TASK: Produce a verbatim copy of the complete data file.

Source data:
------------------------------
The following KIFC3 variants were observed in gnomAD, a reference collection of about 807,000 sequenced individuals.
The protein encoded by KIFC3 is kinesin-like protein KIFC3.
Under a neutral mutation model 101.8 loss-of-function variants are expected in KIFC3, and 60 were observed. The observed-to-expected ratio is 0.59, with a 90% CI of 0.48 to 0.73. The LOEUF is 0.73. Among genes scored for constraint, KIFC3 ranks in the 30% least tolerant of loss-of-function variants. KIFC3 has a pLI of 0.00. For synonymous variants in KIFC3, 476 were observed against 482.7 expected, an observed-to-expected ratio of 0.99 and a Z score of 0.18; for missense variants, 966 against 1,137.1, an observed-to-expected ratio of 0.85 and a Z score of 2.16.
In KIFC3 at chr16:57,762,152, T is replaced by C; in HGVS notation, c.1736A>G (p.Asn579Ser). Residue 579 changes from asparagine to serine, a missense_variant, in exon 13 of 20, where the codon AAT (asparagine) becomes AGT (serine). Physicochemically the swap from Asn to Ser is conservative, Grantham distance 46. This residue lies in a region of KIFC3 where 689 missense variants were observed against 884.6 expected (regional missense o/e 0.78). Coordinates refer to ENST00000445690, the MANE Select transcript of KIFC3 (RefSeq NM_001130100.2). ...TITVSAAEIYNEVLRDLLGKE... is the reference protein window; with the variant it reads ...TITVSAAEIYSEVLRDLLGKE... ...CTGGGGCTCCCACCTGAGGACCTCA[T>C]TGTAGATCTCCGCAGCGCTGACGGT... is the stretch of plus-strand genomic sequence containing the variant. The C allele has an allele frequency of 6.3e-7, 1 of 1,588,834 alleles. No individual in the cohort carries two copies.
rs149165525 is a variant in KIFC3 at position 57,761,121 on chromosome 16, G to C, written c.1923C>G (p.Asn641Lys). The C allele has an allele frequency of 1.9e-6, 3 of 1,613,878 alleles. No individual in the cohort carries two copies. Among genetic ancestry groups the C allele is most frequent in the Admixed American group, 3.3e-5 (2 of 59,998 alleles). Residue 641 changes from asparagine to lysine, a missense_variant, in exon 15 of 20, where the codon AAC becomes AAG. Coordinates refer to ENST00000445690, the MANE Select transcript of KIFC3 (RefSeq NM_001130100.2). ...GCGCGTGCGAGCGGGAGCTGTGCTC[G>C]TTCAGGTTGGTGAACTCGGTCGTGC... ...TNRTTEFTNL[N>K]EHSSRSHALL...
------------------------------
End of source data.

The following KIFC3 variants were observed in gnomAD, a reference collection of about 807,000 sequenced individuals.
The protein encoded by KIFC3 is kinesin-like protein KIFC3.
Under a neutral mutation model 101.8 loss-of-function variants are expected in KIFC3, and 60 were observed. The observed-to-expected ratio is 0.59, with a 90% CI of 0.48 to 0.73. The LOEUF is 0.73. Among genes scored for constraint, KIFC3 ranks in the 30% least tolerant of loss-of-function variants. KIFC3 has a pLI of 0.00. For synonymous variants in KIFC3, 476 were observed against 482.7 expected, an observed-to-expected ratio of 0.99 and a Z score of 0.18; for missense variants, 966 against 1,137.1, an observed-to-expected ratio of 0.85 and a Z score of 2.16.
In KIFC3 at chr16:57,762,152, T is replaced by C; in HGVS notation, c.1736A>G (p.Asn579Ser). Residue 579 changes from asparagine to serine, a missense_variant, in exon 13 of 20, where the codon AAT (asparagine) becomes AGT (serine). Physicochemically the swap from Asn to Ser is conservative, Grantham distance 46. This residue lies in a region of KIFC3 where 689 missense variants were observed against 884.6 expected (regional missense o/e 0.78). Coordinates refer to ENST00000445690, the MANE Select transcript of KIFC3 (RefSeq NM_001130100.2). ...TITVSAAEIYNEVLRDLLGKE... is the reference protein window; with the variant it reads ...TITVSAAEIYSEVLRDLLGKE... ...CTGGGGCTCCCACCTGAGGACCTCA[T>C]TGTAGATCTCCGCAGCGCTGACGGT... is the stretch of plus-strand genomic sequence containing the variant. The C allele has an allele frequency of 6.3e-7, 1 of 1,588,834 alleles. No individual in the cohort carries two copies.
rs149165525 is a variant in KIFC3 at position 57,761,121 on chromosome 16, G to C, written c.1923C>G (p.Asn641Lys). The C allele has an allele frequency of 1.9e-6, 3 of 1,613,878 alleles. No individual in the cohort carries two copies. Among genetic ancestry groups the C allele is most frequent in the Admixed American group, 3.3e-5 (2 of 59,998 alleles). Residue 641 changes from asparagine to lysine, a missense_variant, in exon 15 of 20, where the codon AAC becomes AAG. Coordinates refer to ENST00000445690, the MANE Select transcript of KIFC3 (RefSeq NM_001130100.2). ...GCGCGTGCGAGCGGGAGCTGTGCTC[G>C]TTCAGGTTGGTGAACTCGGTCGTGC... ...TNRTTEFTNL[N>K]EHSSRSHALL...